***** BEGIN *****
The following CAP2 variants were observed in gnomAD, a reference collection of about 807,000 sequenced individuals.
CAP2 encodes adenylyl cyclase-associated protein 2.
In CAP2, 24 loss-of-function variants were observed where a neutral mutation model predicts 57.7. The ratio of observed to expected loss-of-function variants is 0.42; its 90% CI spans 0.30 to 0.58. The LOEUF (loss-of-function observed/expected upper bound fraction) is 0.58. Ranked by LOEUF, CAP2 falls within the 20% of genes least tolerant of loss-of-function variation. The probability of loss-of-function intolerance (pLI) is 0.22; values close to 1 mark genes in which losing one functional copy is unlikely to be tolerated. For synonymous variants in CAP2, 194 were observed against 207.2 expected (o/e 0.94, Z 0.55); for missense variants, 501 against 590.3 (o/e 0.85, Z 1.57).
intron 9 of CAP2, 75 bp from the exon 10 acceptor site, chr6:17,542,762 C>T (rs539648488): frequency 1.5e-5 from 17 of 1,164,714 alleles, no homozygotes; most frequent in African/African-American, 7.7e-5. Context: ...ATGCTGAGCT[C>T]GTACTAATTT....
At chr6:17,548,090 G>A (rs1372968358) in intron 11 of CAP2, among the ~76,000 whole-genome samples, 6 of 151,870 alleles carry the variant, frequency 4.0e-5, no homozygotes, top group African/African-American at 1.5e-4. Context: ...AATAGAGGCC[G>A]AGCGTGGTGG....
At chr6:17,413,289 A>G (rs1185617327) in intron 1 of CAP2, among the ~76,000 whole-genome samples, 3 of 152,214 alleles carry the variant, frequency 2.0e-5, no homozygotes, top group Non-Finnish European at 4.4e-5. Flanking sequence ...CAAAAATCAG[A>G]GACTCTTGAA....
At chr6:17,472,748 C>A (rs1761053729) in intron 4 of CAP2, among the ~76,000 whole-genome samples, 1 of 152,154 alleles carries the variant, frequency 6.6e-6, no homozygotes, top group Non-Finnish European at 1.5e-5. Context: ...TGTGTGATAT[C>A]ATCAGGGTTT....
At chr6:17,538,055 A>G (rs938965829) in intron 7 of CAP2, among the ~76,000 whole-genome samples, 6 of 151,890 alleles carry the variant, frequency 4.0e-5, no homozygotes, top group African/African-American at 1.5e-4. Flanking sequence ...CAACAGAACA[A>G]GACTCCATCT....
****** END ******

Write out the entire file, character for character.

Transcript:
The following CAP2 variants were observed in gnomAD, a reference collection of about 807,000 sequenced individuals.
CAP2 encodes adenylyl cyclase-associated protein 2.
In CAP2, 24 loss-of-function variants were observed where a neutral mutation model predicts 57.7. The ratio of observed to expected loss-of-function variants is 0.42; its 90% CI spans 0.30 to 0.58. The LOEUF (loss-of-function observed/expected upper bound fraction) is 0.58. Ranked by LOEUF, CAP2 falls within the 20% of genes least tolerant of loss-of-function variation. The probability of loss-of-function intolerance (pLI) is 0.22; values close to 1 mark genes in which losing one functional copy is unlikely to be tolerated. For synonymous variants in CAP2, 194 were observed against 207.2 expected (o/e 0.94, Z 0.55); for missense variants, 501 against 590.3 (o/e 0.85, Z 1.57).
intron 9 of CAP2, 75 bp from the exon 10 acceptor site, chr6:17,542,762 C>T (rs539648488): frequency 1.5e-5 from 17 of 1,164,714 alleles, no homozygotes; most frequent in African/African-American, 7.7e-5. Context: ...ATGCTGAGCT[C>T]GTACTAATTT....
At chr6:17,548,090 G>A (rs1372968358) in intron 11 of CAP2, among the ~76,000 whole-genome samples, 6 of 151,870 alleles carry the variant, frequency 4.0e-5, no homozygotes, top group African/African-American at 1.5e-4. Context: ...AATAGAGGCC[G>A]AGCGTGGTGG....
At chr6:17,413,289 A>G (rs1185617327) in intron 1 of CAP2, among the ~76,000 whole-genome samples, 3 of 152,214 alleles carry the variant, frequency 2.0e-5, no homozygotes, top group Non-Finnish European at 4.4e-5. Flanking sequence ...CAAAAATCAG[A>G]GACTCTTGAA....
At chr6:17,472,748 C>A (rs1761053729) in intron 4 of CAP2, among the ~76,000 whole-genome samples, 1 of 152,154 alleles carries the variant, frequency 6.6e-6, no homozygotes, top group Non-Finnish European at 1.5e-5. Context: ...TGTGTGATAT[C>A]ATCAGGGTTT....
At chr6:17,538,055 A>G (rs938965829) in intron 7 of CAP2, among the ~76,000 whole-genome samples, 6 of 151,890 alleles carry the variant, frequency 4.0e-5, no homozygotes, top group African/African-American at 1.5e-4. Flanking sequence ...CAACAGAACA[A>G]GACTCCATCT....